If you're a fan of the mystery thriller, then at some point you've probably sat down and enjoyed a David Hewson title.
With the new Nic Costa title released today in the US, we thought it was high time to talk to this extraordinary author to discover a few mysteries of our own.
Here we chatted to David about the day job, must own titles and his listener, Eddie...
Falcata Times: Writing is said to be something that people are afflicted with rather than gifted and that it's something you have to do rather than want. What is your opinion of this statement and how true is it to you?
David Hewson: I think there's definitely an obsessional aspect to writing. If you can choose not to write then you probably don't have it in you to be a writer.
FT: When did you realise that you wanted to be a writer?
DH: When I realised how much I loved books.
FT: It is often said that if you can write a short story you can write anything. How true do you think this is and what have you written that either proves or disproves this POV?
DH: Short stories are very different to novels. Some writers excel at them and struggle with the structural issues of the longer form. So I definitely disagree with that principle, though I can't say my own work proves or disproves either way.
FT: If someone were to enter a bookshop, how would you persuade them to try your novel over someone else's and how would you define it?
DH: Being English I'm socially averse to selling anything so I’d probably mumble about only being there for a present for my auntie, make an excuse and leave.
FT: How would you "sell" your book in 20 words or less?
DH: Cultural literary mysteries for readers with a penchant for dark deeds in beautiful places.
FT: Who is a must have on your bookshelf and whose latest release will find you on the bookshops doorstep waiting for it to open?
DH: Robert Graves, Robert Aickman and Jorge Luis Borges are writers I return to from time to time, but their output's been a bit sparse of late.
FT: When you sit down and write do you know how the story will end or do you just let the pen take you? ie Do you develop character profiles and outlines for your novels before writing them or do you let your idea's develop as you write?
DH: I have a general idea of where the narrative is going but the characters usually tell me I'm wrong halfway through. I don't profile them, I let them appear on the page.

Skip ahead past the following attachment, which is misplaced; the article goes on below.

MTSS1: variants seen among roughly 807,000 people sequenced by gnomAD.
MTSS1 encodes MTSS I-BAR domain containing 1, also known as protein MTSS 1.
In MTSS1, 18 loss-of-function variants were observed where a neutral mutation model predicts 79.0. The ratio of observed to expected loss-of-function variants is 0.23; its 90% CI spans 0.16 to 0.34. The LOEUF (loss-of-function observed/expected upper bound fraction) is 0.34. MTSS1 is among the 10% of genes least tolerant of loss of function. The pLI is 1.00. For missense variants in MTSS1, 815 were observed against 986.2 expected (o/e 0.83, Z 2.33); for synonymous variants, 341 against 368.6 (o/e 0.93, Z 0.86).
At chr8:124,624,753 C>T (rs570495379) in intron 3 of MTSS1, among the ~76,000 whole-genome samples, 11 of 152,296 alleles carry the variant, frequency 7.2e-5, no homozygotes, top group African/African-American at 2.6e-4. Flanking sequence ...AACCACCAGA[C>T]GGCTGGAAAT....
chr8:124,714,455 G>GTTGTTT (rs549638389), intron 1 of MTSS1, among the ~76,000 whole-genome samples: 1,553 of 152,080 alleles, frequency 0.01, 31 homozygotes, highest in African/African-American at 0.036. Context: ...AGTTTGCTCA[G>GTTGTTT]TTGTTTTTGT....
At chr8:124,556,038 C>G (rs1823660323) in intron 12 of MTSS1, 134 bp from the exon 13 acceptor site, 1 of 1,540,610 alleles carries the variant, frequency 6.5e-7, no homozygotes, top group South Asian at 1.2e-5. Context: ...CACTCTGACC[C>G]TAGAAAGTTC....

FT: What do you do to relax and what have you read recently?
DH: Reading and writing are pretty relaxing really. Current book: Scourge and Fire by Lauro Martines about the Florentine friar Savonarola. I read a lot of non-fiction.
FT: What is your guiltiest pleasure that few know about?
DH: Never suffered from guilt about any pleasures.
FT: Lots of writers tend to have pets. What do you have and what are their key traits (and do they appear in your novel in certain character attributes?)
DH: An argumentative wire fox terrier called Eddie who is taken for a walk/story conference every morning. His key trait is he's a very good listener. He's not appeared in a book yet.
FT: Which character within your latest book was the most fun to write and why?
DH: Mina Gabriel, a precocious 17-year-old with a secret. Very interesting trying to get into the head of someone who's treated as a child but is a lot more mature than most people notice.
FT: How similar to your principle protagonist are you?
DH: Nothing like Nic Costa - he's much nicer than I am .
FT: What hobbies do you have and how do they influence your work?
DH: None really, though I like travel, art, food and Italy, all of which come through in the books.
FT: Where do you get your idea's from?
FT: Do you ever encounter writers block and if so how do you overcome it?
DH: No more than plumbers encounter plumber's block. Some days you don't feel like working. It passes.
FT: Certain authors are renowned for writing at what many would call uncivilised times. When do you write and how do the others in your household feel about it?
DH: I regard this is a full-time job. So I work 8-6 Monday to Friday and do other things at weekends.
FT: Sometimes pieces of music seem to influence certain scenes within novels, do you have a soundtrack for your tale or is it a case of writing in silence with perhaps the odd musical break in-between scenes?
DH: The idea of writing to music horrifies me. I don't allow anything to interrupt the working day, except a brief nap after lunch.
FT: What misconceptions, if any, did you have about the writing and publishing field when you were first getting started?
DH: That it would be easy once the first book was out of the way.Truth is every book is 'new' and a challenge.
FT: If music be the food of love, what do you think writing is and please explain your answer?
DH: A workout for the imagination. Fiction is a way of producing fairy tales for adults, stories that expand on and occasionally explain the mundane thing called 'reality' and make it more palatable.
FT: What can you tell us about the next novel?
DH: Set in Venice in February during the carnival. Spent a lot of time there during 2010. February in Venice is very cold.
FT: What are the last five internet sites that you've visited?
DH: BBC New, Times Online, bank account, own web site and Expedia
FT: Did you ever take any writing classes or specific instructions to learn the craft? If so please let us know which ones.
DH: No - just read books.
FT: How did you get past the initial barriers of criticism and rejection?
DH: Persistence and a thick skin
FT: In your opinion, what are the best and worst aspects of writing for a living?
DH: Best: you don't have to wear a tie. Worst: it takes an unconscionable amount of time for a finished book to appear, so that when it does I've already written the next one and that's what's in my head.